MARI WEB WORKSPACE

MARI TEACHING

MARI
News
Press Releases
Blogs&Lists
About Us
Newsletter
Disclaimers

Activities | Research | Academics | Information | Connecting | Resources | Public Events

Academics | Summer: Leadership | Conservation Leadership Minor | Archive

OVERVIEW

Well over 50 courses at ODU include climate change and sea level rise topics. A list of the courses in Spring 2016 is available as PDF.

A collaboration focusing on degrees and certificate in Conservation Leadership is funded by the U.S. Fish and Wildlife Service; see the project page for more information.


Courses and seminars in Summer and Fall 2017 include:

  • OEAS 495/BIOL 496: Sustainability Leadership; Hans-Peter Plag, Tatyana Lobova, and Michelle Heart.
  • IDS 368: Internship in Interdisciplinary Studies; Eddie Hill, Hans-Peter Plag, and Tatyana Lobova.
  • OEAS 250N: Natural Hazards and Disasters; Hans-Peter Plag

Relevant courses given regularly include:

Undergraduate Courses:

  • OEAS 108N. Understanding Global Climate Change; David Burdige; 4 Credits. Offered every spring.
    Lecture, 3 hours; Lab, 2 hours. 4 credits. What is the science behind global climate change? How reliable are forecasts of future global warming? This course examines these questions to evaluate the likelihood and potential severity of anthropogenic climate change in the coming centuries. It includes an overview of the physics of the greenhouse effect, an overview of the global carbon cycle and its role as a global thermostat; an examination of predictions and reliability of model forecasts of future climate change; and examination of local impacts of global climate change (e.g., sea level rise in the Tidewater area).
    This course satisfies the natural science gen ed requirement and is geared towards non-science majors.
  • POLS 300, Public Policy
  • POLS 335, Environmental Politics and Policy
  • POLS 455, US Politics and Climate Change

Graduate Courses:

  • IS 710/810, Global Environmental Policy
  • IS 795/895, Politics of Climate Change: Comparative Perspectives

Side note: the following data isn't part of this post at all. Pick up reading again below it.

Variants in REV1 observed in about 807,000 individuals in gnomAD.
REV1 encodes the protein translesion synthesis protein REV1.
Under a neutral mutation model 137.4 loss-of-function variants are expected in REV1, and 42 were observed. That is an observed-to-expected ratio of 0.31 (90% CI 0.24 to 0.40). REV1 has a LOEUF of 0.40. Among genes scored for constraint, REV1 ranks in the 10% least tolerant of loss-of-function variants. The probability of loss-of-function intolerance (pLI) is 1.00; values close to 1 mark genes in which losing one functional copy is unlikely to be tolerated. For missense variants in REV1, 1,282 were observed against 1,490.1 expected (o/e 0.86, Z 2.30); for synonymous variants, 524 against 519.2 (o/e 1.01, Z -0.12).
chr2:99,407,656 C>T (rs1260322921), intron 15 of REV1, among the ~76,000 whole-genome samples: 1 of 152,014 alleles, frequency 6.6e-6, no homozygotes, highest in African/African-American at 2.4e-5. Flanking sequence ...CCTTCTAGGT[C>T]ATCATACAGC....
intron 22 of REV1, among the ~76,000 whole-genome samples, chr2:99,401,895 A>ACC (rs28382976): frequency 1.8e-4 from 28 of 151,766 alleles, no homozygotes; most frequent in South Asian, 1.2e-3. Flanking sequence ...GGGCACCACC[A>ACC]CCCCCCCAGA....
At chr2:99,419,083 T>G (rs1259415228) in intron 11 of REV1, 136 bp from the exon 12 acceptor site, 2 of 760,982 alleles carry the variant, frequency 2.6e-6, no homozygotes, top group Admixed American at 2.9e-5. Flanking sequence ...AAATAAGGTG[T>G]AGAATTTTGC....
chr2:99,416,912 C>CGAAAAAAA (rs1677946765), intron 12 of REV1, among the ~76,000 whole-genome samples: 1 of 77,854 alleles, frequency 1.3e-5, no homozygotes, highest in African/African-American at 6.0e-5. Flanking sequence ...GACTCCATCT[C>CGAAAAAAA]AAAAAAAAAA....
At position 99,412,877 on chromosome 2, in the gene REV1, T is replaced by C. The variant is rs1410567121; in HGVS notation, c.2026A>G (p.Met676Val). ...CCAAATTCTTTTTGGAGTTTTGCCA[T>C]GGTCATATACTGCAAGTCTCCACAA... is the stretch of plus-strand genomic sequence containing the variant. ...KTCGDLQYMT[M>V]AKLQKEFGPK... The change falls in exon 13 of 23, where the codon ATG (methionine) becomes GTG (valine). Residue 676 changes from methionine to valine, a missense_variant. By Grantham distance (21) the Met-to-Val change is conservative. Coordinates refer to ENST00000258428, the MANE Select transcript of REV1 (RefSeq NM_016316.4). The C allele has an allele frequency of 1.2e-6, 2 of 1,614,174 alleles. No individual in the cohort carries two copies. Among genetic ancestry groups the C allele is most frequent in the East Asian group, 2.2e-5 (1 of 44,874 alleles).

Documentation for selected previous courses and events is available through the Teaching Archive.

ANNOUNCEMENTS

New course on Sustainability Leadership: The Sustainability Leadership Course was taught in the first of the 2017 Summer sessions. It will be regulary taught in this Summer session. Creating a more sustainable society presents a serious challenge and at the same time an enormous opportunity. In this class, students discovered what makes a leader for sustainability. They considered a range of global and local crises from a leadership point of view in the context of sustainability science, which addresses the development of communities in a rapidly changing social, economic, and environmental system-of-systems environment. The course took a problem-motivated and solution-focused approach to the challenges considered. The course included service-learning projects, in which students worked in small groups on developing solutions for real-world problems from a leadership point of view. The projects included a mandatory one-week work period in Florida.


U.S. Fish and Wildlife Service visited ODU to inform students about job and internship opportunities. More than 100 students attended the meeting documenting the broad interest in job opportunity and conservation-related education.


Interdisciplinary Course on Mitigation and Adaptation Studies. The course was taught in Fall 2016 and Spring 2017, and it will be taught in each Spring term. The course gives an introduction to the science underpinning mitigation of human-induced changes in the Earth system, including but not limited to climate change and sea level rise, and adaptation to the impacts of these changes. The course covers the environmental hazards and the opportunities and limitations for conservation, mitigation and adaptation. The course is a core course for the interdisciplinary minor in Conservation Leadership.


Interdisciplinary minor in Conservation Leadership: This interdisciplinary Minor focuses on conservation solutions in the context of our quickly changing planet. A goal of this new program is to develop the next generation of conservation leaders with the ability to critically review underlying paradigms and to initiate paradigm shifts where they are needed in conservation roles, such as in local, state and federal agency and non-profit sectors, to more suitably address the challenges of sea level rise and climate change. The core of this 15 credit minor is built around two courses on Adaptation Studies and Adaptive Leadership, in addition to a service-learning course. One additional course is an elective, which can be selected across disciplines to suit a wide-range of conservation interests. An internship is the capstone of this minor. For more information, see here.


In the 2016 Summer term (June 27 — August 6, 2016), the graduate course “Decisions, Biases, and the Creation of Knowledge” will study how personal, community and cultural biases impact the creation of knowlegde and the use of it in decision making. The course is open for guests who whould like to participate in the deliberations. For more information, see the course page.